Looking to buy a small group plan from your state’s new health-insurance exchange? There’s a risk it won’t be ready to open on time in October.
- Eleven percent of 783 firms with less than $20 million in annual revenue said that their biggest concern regarding the health-care law is how the insurance exchanges will operate, according to an April survey by The Wall Street Journal and Vistage International Inc., a San Diego-based executive-mentoring group. That compares with 33% who said the cost of health care is their top concern.
If you own a small business and are looking to purchase a small-group plan from your state’s exchange, here’s what you need to know:
Is my small business eligible to buy insurance from an exchange?
- The exchanges are limited to only businesses with 100 or fewer full-time-equivalent employees. Full-time equivalent is the number of employees on full-time schedules plus the number of employees on part-time schedules, converted to a full-time basis.
How would an exchange benefit my business?
The small-business exchanges are expected to make it easier for small employers to manage their health-benefits programs. An employer could make a single payment to an exchange, which would disburse the money to the various insurance providers covering its staff, among other benefits.
Also, small group plans purchased through an exchange could be less expensive than what’s available in the private marketplace. This is because the exchanges are expected to attract a large pool of participants, which theoretically would create more competition among insurers, thus resulting in lower insurance premiums.
Husband-and-wife business owners Chris and Maria Guertin of Minneapolis are among those hoping to find a small-group insurance plan within their budget through their state’s exchange. They say they currently can’t afford one to cover themselves, their one full-time employee and any recruits they hire in the future for Sport Resource Group Inc., a retail and wholesale company they started in 2006. But they would like to be able to offer health insurance as an employee benefit to attract and retain top talent in order to grow the business. “A group plan right now is too much,” says Mr. Guertin.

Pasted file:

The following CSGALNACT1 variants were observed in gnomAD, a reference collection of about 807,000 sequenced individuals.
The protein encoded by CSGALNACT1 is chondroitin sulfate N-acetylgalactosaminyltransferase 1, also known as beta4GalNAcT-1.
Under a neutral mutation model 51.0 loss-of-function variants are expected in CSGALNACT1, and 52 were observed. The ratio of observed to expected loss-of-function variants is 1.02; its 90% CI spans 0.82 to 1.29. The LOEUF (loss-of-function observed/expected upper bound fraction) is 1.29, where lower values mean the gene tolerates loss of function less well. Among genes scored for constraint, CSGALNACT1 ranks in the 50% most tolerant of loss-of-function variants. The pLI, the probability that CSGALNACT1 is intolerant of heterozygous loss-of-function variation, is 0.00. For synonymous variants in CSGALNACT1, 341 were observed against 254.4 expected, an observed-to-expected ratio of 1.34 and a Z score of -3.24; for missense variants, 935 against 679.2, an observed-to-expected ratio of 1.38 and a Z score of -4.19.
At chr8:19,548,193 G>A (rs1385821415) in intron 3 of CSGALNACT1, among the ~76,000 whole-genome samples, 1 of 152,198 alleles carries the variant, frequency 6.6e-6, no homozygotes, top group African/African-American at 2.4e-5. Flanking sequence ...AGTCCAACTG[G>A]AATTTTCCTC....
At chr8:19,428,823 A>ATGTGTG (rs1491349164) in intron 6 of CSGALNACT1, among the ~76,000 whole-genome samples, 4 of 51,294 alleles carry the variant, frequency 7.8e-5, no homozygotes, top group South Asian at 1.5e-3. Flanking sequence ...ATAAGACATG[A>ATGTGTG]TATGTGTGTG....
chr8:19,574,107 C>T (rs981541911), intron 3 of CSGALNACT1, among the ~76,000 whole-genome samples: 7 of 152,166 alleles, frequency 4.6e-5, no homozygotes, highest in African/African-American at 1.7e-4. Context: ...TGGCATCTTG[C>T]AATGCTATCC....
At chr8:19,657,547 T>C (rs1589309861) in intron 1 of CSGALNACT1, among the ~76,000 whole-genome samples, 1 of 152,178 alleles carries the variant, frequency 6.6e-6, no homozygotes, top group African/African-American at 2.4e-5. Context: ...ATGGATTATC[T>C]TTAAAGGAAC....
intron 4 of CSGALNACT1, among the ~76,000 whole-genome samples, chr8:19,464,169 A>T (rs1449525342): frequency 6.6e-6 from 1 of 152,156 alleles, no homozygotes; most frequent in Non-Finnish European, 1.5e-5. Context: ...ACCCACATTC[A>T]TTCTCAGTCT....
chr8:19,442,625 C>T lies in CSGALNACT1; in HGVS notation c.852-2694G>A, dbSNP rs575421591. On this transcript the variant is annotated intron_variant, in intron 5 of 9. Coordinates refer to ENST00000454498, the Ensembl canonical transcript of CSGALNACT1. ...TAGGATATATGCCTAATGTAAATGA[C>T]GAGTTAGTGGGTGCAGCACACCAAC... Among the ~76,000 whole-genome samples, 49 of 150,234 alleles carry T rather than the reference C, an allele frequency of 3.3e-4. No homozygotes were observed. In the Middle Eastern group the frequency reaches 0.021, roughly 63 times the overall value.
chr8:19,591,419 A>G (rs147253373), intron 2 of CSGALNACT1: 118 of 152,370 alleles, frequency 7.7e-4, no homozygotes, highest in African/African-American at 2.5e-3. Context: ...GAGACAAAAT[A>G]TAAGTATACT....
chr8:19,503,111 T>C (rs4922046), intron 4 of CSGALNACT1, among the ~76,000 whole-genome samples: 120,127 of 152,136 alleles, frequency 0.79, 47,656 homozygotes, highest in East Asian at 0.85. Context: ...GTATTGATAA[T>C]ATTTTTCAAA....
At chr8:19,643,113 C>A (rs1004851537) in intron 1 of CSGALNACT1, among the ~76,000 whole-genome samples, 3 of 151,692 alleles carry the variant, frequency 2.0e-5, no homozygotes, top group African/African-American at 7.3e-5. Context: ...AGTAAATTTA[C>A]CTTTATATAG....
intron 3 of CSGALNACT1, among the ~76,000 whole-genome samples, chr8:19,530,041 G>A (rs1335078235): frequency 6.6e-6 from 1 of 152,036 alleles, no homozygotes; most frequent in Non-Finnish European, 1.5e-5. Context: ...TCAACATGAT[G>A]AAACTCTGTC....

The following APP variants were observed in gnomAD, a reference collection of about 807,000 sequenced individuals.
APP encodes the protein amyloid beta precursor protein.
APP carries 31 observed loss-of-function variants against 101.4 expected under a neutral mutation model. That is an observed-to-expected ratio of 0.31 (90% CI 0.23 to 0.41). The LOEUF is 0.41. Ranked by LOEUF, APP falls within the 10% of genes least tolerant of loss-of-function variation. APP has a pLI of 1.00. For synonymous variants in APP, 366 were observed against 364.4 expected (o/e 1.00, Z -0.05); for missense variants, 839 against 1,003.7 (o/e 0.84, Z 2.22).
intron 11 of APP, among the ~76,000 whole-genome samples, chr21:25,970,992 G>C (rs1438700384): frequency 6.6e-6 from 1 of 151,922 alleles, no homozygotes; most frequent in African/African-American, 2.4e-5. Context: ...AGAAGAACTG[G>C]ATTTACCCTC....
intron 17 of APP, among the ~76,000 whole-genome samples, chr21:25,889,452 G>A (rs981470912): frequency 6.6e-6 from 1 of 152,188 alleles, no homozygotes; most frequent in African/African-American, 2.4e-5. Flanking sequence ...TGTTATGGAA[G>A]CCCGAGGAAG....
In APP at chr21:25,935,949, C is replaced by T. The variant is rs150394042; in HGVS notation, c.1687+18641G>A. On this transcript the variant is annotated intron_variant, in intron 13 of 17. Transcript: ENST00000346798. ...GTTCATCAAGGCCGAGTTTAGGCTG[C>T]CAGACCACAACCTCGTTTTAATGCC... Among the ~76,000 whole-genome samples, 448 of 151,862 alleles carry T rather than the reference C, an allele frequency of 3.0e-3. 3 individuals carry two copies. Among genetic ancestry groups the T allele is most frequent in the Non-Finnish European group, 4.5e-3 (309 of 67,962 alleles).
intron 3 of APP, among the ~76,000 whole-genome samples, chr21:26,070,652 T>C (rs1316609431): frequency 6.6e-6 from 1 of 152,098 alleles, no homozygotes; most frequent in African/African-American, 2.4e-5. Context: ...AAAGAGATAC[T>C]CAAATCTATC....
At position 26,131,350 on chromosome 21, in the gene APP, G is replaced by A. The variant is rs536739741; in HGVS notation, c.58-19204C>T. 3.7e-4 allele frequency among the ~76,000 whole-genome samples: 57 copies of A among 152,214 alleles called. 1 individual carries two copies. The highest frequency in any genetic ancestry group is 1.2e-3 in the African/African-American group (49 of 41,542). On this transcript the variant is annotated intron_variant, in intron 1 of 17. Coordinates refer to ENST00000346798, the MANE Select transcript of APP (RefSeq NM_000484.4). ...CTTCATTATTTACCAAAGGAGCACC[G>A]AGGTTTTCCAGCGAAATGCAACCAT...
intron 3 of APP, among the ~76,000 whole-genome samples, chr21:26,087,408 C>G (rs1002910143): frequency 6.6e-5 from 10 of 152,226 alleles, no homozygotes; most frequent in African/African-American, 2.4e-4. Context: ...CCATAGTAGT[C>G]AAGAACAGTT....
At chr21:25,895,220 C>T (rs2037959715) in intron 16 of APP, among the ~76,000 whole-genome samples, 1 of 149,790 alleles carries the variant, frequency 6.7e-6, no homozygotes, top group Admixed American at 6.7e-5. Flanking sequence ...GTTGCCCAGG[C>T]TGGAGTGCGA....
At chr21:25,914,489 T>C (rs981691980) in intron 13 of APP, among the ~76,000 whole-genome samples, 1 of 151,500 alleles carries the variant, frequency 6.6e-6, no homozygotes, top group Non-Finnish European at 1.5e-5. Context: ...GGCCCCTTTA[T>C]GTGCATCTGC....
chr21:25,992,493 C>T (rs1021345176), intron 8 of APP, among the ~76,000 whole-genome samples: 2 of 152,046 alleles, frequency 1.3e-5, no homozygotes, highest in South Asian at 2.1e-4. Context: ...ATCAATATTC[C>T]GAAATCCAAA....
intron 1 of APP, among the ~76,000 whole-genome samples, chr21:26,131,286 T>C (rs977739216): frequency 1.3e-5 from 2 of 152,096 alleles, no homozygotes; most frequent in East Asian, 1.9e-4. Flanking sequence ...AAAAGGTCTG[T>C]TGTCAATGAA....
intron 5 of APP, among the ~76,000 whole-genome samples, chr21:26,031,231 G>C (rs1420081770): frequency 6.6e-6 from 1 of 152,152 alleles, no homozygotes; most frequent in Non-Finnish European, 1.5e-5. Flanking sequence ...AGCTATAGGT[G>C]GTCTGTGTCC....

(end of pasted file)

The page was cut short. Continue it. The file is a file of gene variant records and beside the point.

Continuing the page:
Who’s running the exchanges?
Seventeen states are running their own small business exchanges, with the federal Centers for Medicare and Medicaid Services carrying out the task on behalf of the remaining 33 states.
What kind of plans will the exchanges offer?
The exchanges will offer insurance plans from private insurance companies. For 2014, employers in states where the federal government is running the exchange will be able to select just one plan to offer to workers. Which carriers will be participating and how many will vary by state.
When will I be able to start using my state’s exchange?
- Though enrollment is slated to begin in October of this year, with plans to take effect in January 2014, the GAO report suggests they may not open in time. The 17 states running their own exchanges were late on an average of 44% of key activities that were originally scheduled to be completed by the end of March, it said.
There have been other setbacks as well. The federal government said in April that contrary to initial plans, it wouldn’t allow workers in the first year to choose between a range of insurance options offered through employers. For the first year, companies will select one plan to offer to workers.
Can I get a tax credit?
If you have fewer than 25 full-time equivalent employees, you may qualify for a tax credit of up to 35% of your premium costs this year and up to 50% in 2014.
Do I even need to buy a small-group plan?
Once your firm reaches 50 full-time equivalent employees, a penalty will kick in if you fail to provide coverage for employees who average 30 or more hours a week in a given month, starting in January. The penalty is $2,000 for each full-time employee in excess of 30 full-time employees. There are no penalties if part-time employees are not offered coverage. The government will rely on data about the composition of employers’ workforces this year in order to determine whether a firm will be liable.
Also, if an employer with 50 or more full-time equivalent employees does offer coverage, but the insurance doesn’t meet the law’s minimum requirements, there is a penalty of $3,000 for each worker who gets a federal subsidy through state insurance exchanges.
*Modified from a WSJ.com article